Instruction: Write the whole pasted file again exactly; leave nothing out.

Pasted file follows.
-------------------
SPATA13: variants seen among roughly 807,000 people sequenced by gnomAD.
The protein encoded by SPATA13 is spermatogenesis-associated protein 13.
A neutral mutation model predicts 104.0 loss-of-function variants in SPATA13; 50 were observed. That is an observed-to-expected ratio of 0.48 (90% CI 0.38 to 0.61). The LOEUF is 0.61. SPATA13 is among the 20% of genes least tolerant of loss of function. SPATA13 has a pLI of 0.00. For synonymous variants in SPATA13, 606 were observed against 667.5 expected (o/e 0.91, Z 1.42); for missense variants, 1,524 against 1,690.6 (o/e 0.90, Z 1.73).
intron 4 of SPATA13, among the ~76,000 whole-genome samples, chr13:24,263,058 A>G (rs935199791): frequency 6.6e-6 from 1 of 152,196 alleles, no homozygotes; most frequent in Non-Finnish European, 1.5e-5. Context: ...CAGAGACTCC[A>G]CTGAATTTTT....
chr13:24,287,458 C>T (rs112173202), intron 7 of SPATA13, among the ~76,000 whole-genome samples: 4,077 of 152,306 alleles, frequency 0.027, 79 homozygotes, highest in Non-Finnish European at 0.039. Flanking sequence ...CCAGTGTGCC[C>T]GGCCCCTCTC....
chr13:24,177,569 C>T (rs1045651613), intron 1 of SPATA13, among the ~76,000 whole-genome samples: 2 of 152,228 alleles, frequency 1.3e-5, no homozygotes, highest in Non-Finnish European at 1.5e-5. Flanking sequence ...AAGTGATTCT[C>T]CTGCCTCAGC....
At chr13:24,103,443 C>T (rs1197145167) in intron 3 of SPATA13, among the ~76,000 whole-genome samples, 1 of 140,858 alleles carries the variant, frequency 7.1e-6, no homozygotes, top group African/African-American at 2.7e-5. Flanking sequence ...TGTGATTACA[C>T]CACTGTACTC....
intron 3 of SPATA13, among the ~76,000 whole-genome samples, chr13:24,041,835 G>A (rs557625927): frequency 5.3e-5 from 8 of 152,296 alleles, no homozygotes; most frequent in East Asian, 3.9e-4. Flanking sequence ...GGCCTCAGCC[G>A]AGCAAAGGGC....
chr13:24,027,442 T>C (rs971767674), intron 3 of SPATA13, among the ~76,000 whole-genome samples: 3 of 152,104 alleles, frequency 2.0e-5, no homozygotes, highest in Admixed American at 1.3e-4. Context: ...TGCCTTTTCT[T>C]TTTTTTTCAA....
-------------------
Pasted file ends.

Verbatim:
SPATA13: variants seen among roughly 807,000 people sequenced by gnomAD.
The protein encoded by SPATA13 is spermatogenesis-associated protein 13.
A neutral mutation model predicts 104.0 loss-of-function variants in SPATA13; 50 were observed. That is an observed-to-expected ratio of 0.48 (90% CI 0.38 to 0.61). The LOEUF is 0.61. SPATA13 is among the 20% of genes least tolerant of loss of function. SPATA13 has a pLI of 0.00. For synonymous variants in SPATA13, 606 were observed against 667.5 expected (o/e 0.91, Z 1.42); for missense variants, 1,524 against 1,690.6 (o/e 0.90, Z 1.73).
intron 4 of SPATA13, among the ~76,000 whole-genome samples, chr13:24,263,058 A>G (rs935199791): frequency 6.6e-6 from 1 of 152,196 alleles, no homozygotes; most frequent in Non-Finnish European, 1.5e-5. Context: ...CAGAGACTCC[A>G]CTGAATTTTT....
chr13:24,287,458 C>T (rs112173202), intron 7 of SPATA13, among the ~76,000 whole-genome samples: 4,077 of 152,306 alleles, frequency 0.027, 79 homozygotes, highest in Non-Finnish European at 0.039. Flanking sequence ...CCAGTGTGCC[C>T]GGCCCCTCTC....
chr13:24,177,569 C>T (rs1045651613), intron 1 of SPATA13, among the ~76,000 whole-genome samples: 2 of 152,228 alleles, frequency 1.3e-5, no homozygotes, highest in Non-Finnish European at 1.5e-5. Flanking sequence ...AAGTGATTCT[C>T]CTGCCTCAGC....
At chr13:24,103,443 C>T (rs1197145167) in intron 3 of SPATA13, among the ~76,000 whole-genome samples, 1 of 140,858 alleles carries the variant, frequency 7.1e-6, no homozygotes, top group African/African-American at 2.7e-5. Flanking sequence ...TGTGATTACA[C>T]CACTGTACTC....
intron 3 of SPATA13, among the ~76,000 whole-genome samples, chr13:24,041,835 G>A (rs557625927): frequency 5.3e-5 from 8 of 152,296 alleles, no homozygotes; most frequent in East Asian, 3.9e-4. Flanking sequence ...GGCCTCAGCC[G>A]AGCAAAGGGC....
chr13:24,027,442 T>C (rs971767674), intron 3 of SPATA13, among the ~76,000 whole-genome samples: 3 of 152,104 alleles, frequency 2.0e-5, no homozygotes, highest in Admixed American at 1.3e-4. Context: ...TGCCTTTTCT[T>C]TTTTTTTCAA....